So.. I was in the City and Donna asked me what we “do” in New Hampshire and I gave some off-hand comment about working and sleeping and then escaping to the City. I’ve been bothered by that since I said it and spent nearly every day since going over it in my head. It kinda morphed into “Why do I love New Hampshire.” Because if nothing else I’ve discovered in my mental ramblings that I really do love this state. So, let me count the ways and that will likely answer both questions…
So why do I loveNew Hampshire? This is where I went to college and where I’ve raised my family and where I’ve built my own family of my closest friends.
It’s culturally rich. TheCurrierMuseumhas been often voted the best museum of its size in the country. The NH Symphony is lovely and we get every big name act that every other state gets, but in marginally smaller venues. We have a million bookstores – independent and chains. Theater life is abundant and while we don’t often get Broadway shows we’re only an hour fromBostonwhich does. We have a large number of colleges and technical schools. We birthed quite a few authors – Dan Brown, Tomie dePaolo and Beth Krommes (illustrator) and painters – James Aponovich and Monique Sakellarios (my two favorites). St Anselm’s collegeDanaCenterseries, but particularly the Nebraska Touring Caravan’s version of A Christmas Carol.
It’s quiet. It bothered me originally to move out ofManchester(small city though it may be) and out to the country, but now I don’t see how I could live anywhere else. I love waking up in the morning and I’ll walk out to watch the sunrise and hear squirrels yelling at me to go back inside, watch the deer hustling to get further into the woods, or lie in bed at night listening to the coy dogs howl.
There are farmer’s markets in abundance and many many people who just plop their abundance on a table roadside with a honor box for payment. We have the Lakes Region outlets and we’re very close to the outlets inKittery,Maine. We have large numbers of independent store owners with unique products from around the world, and we’re only 40 minutes or so from theBurlingtonmall for the very few big name stores not in the state.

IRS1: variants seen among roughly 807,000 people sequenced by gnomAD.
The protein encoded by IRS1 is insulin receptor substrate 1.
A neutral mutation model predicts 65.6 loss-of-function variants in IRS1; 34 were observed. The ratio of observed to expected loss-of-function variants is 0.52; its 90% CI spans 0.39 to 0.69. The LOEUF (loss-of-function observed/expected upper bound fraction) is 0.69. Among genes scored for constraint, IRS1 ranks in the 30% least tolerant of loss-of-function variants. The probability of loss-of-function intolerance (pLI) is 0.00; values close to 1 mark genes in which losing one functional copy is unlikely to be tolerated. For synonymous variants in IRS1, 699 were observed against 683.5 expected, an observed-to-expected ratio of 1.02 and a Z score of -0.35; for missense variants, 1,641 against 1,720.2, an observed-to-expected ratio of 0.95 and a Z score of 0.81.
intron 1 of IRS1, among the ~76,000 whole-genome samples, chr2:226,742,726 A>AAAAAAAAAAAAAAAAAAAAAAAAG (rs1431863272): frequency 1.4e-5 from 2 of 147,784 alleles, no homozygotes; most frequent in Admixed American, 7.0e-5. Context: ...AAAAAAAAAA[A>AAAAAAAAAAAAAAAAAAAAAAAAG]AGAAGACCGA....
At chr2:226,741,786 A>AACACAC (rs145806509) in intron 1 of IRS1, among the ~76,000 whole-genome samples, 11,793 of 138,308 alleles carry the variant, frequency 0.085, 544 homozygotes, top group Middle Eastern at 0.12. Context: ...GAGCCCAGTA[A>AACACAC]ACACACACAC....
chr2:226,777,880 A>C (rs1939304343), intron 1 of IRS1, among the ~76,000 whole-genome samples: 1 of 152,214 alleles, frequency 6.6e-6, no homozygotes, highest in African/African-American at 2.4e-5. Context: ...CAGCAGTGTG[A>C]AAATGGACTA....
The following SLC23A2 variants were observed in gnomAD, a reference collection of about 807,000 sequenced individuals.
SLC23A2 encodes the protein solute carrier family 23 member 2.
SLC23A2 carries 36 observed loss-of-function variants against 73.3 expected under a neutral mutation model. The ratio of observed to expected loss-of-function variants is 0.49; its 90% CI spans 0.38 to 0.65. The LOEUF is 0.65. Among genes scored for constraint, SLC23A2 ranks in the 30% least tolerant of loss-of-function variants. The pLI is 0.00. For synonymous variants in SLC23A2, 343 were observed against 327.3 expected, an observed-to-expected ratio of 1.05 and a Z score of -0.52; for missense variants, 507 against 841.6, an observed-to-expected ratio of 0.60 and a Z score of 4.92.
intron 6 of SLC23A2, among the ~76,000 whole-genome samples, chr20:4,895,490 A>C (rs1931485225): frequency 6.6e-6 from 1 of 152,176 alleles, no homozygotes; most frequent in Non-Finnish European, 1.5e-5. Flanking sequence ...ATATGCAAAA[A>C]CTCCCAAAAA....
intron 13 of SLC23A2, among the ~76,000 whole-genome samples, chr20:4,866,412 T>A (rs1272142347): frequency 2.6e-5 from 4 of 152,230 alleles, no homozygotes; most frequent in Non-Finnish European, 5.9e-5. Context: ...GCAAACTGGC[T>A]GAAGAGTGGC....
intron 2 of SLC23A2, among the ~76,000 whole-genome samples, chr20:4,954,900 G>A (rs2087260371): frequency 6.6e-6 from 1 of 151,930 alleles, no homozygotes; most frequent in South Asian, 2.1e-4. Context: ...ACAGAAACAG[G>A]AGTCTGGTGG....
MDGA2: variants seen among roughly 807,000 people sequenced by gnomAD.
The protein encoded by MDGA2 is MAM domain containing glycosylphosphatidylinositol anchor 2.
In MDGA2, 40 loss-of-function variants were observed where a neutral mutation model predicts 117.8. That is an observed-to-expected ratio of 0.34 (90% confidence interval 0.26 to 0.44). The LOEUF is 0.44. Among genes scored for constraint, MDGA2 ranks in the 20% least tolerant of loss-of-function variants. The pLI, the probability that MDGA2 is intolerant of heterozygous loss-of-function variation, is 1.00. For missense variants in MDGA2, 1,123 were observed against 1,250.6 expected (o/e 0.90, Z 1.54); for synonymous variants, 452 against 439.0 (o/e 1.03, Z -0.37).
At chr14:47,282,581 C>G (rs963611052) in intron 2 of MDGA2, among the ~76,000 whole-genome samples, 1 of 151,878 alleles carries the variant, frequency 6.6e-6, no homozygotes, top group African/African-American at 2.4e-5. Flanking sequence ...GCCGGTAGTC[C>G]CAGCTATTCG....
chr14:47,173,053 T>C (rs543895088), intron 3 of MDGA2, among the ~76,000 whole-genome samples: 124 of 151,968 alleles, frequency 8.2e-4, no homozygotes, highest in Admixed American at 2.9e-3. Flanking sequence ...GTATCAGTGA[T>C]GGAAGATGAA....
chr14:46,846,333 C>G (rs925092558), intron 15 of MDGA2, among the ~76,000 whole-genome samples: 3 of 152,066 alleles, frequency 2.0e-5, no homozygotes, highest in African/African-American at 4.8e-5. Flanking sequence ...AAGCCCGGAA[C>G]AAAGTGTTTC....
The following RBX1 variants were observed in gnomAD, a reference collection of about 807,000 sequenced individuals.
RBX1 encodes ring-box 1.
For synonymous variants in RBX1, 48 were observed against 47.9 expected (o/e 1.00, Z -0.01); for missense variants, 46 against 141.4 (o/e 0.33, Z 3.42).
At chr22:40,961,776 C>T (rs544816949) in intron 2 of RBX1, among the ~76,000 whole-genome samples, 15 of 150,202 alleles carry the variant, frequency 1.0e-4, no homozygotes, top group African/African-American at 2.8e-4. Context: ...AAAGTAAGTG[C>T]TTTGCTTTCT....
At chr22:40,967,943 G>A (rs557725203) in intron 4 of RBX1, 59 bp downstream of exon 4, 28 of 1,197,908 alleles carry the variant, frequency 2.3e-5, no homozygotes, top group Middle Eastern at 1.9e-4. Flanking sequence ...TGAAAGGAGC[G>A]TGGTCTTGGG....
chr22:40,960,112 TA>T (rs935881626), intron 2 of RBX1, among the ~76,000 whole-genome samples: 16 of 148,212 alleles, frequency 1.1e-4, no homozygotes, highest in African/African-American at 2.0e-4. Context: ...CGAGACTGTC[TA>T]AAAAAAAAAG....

We are close to nearly every major American historical event up through the Civil War. There are not sales or state taxes. Okay, yeah they tend to make up the difference with property tax and gasoline and oil tax, but frankly I’m not seeing those as being any higher than other places around the country.
We are the most represented state in the union. Every little nook and hamlet has a state ofNew Hampshirerepresentative. We are the first in the nation. We have the world’s best motto (Live Free of Die) and the attitude remains to this day. I love that we get all the politicians running through trying to curry favor. It becomes even more important in a year where we’re moving our elections up so far that we’ll have precious little time to really look at the candidates positions on things
There’s so much scope for photography — from the cities to the small towns to the oceans and the mountains. Okay, we lost our dedicated scrapbook shops, but we gained a Hobby Lobby, and doesn’t it make sense to knit and make quilts in a place where you get snow and cold?.
NH Public Television has Fritz Wetherbee on New Hampshire Crossroads which “celebrates the people, places, character and ingenuity that makesNew Hampshire–New Hampshire!” and NH Public Radio has The Folk Show and Fresh Air.
We have all four seasons and fun things to do in every one of them! Mountains for the snow and sun (skiing and hiking – not that I’ve done either in years mind you, but I’m definitely going to try to get in some tubing this year!), the trees and pumpkins of Autumn, the lilacs of spring and the beach for summer.
I’m sure there’s more if I give it more thought, but most of all it’s home.